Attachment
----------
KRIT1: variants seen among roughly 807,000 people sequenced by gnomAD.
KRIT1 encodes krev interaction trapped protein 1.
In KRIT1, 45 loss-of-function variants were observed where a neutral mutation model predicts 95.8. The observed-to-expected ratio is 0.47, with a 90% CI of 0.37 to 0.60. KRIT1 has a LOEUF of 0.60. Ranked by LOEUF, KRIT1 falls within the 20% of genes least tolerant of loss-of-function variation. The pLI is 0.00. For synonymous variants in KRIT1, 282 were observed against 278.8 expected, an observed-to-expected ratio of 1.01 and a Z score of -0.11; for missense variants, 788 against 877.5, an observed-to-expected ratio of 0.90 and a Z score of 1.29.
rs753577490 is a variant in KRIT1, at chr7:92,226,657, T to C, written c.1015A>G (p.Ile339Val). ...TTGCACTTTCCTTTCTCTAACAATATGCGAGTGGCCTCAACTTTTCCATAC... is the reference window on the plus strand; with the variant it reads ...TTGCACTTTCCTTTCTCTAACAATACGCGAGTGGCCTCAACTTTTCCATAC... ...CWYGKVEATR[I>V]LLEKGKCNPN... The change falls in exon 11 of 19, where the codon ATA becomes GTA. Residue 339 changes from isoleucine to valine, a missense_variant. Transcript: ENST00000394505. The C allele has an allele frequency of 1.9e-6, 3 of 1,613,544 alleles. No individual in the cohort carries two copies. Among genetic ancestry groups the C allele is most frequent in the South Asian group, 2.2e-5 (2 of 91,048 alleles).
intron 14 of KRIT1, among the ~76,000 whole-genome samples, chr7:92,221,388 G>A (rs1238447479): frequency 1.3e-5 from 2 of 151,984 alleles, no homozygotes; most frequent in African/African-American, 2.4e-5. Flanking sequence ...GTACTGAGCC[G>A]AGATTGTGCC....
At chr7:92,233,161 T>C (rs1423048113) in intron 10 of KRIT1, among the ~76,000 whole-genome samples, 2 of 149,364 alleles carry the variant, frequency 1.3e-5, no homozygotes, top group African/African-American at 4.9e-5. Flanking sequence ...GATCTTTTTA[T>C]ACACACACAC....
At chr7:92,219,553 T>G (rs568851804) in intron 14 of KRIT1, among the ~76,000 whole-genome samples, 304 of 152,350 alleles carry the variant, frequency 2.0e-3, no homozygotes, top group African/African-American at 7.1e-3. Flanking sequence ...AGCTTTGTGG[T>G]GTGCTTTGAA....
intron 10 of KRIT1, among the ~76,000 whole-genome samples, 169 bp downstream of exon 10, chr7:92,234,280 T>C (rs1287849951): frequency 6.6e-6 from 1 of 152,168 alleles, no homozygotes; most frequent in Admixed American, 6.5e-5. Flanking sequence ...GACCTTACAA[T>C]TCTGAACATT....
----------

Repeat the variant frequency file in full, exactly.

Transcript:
KRIT1: variants seen among roughly 807,000 people sequenced by gnomAD.
KRIT1 encodes krev interaction trapped protein 1.
In KRIT1, 45 loss-of-function variants were observed where a neutral mutation model predicts 95.8. The observed-to-expected ratio is 0.47, with a 90% CI of 0.37 to 0.60. KRIT1 has a LOEUF of 0.60. Ranked by LOEUF, KRIT1 falls within the 20% of genes least tolerant of loss-of-function variation. The pLI is 0.00. For synonymous variants in KRIT1, 282 were observed against 278.8 expected, an observed-to-expected ratio of 1.01 and a Z score of -0.11; for missense variants, 788 against 877.5, an observed-to-expected ratio of 0.90 and a Z score of 1.29.
rs753577490 is a variant in KRIT1, at chr7:92,226,657, T to C, written c.1015A>G (p.Ile339Val). ...TTGCACTTTCCTTTCTCTAACAATATGCGAGTGGCCTCAACTTTTCCATAC... is the reference window on the plus strand; with the variant it reads ...TTGCACTTTCCTTTCTCTAACAATACGCGAGTGGCCTCAACTTTTCCATAC... ...CWYGKVEATR[I>V]LLEKGKCNPN... The change falls in exon 11 of 19, where the codon ATA becomes GTA. Residue 339 changes from isoleucine to valine, a missense_variant. Transcript: ENST00000394505. The C allele has an allele frequency of 1.9e-6, 3 of 1,613,544 alleles. No individual in the cohort carries two copies. Among genetic ancestry groups the C allele is most frequent in the South Asian group, 2.2e-5 (2 of 91,048 alleles).
intron 14 of KRIT1, among the ~76,000 whole-genome samples, chr7:92,221,388 G>A (rs1238447479): frequency 1.3e-5 from 2 of 151,984 alleles, no homozygotes; most frequent in African/African-American, 2.4e-5. Flanking sequence ...GTACTGAGCC[G>A]AGATTGTGCC....
At chr7:92,233,161 T>C (rs1423048113) in intron 10 of KRIT1, among the ~76,000 whole-genome samples, 2 of 149,364 alleles carry the variant, frequency 1.3e-5, no homozygotes, top group African/African-American at 4.9e-5. Flanking sequence ...GATCTTTTTA[T>C]ACACACACAC....
At chr7:92,219,553 T>G (rs568851804) in intron 14 of KRIT1, among the ~76,000 whole-genome samples, 304 of 152,350 alleles carry the variant, frequency 2.0e-3, no homozygotes, top group African/African-American at 7.1e-3. Flanking sequence ...AGCTTTGTGG[T>G]GTGCTTTGAA....
intron 10 of KRIT1, among the ~76,000 whole-genome samples, 169 bp downstream of exon 10, chr7:92,234,280 T>C (rs1287849951): frequency 6.6e-6 from 1 of 152,168 alleles, no homozygotes; most frequent in Admixed American, 6.5e-5. Flanking sequence ...GACCTTACAA[T>C]TCTGAACATT....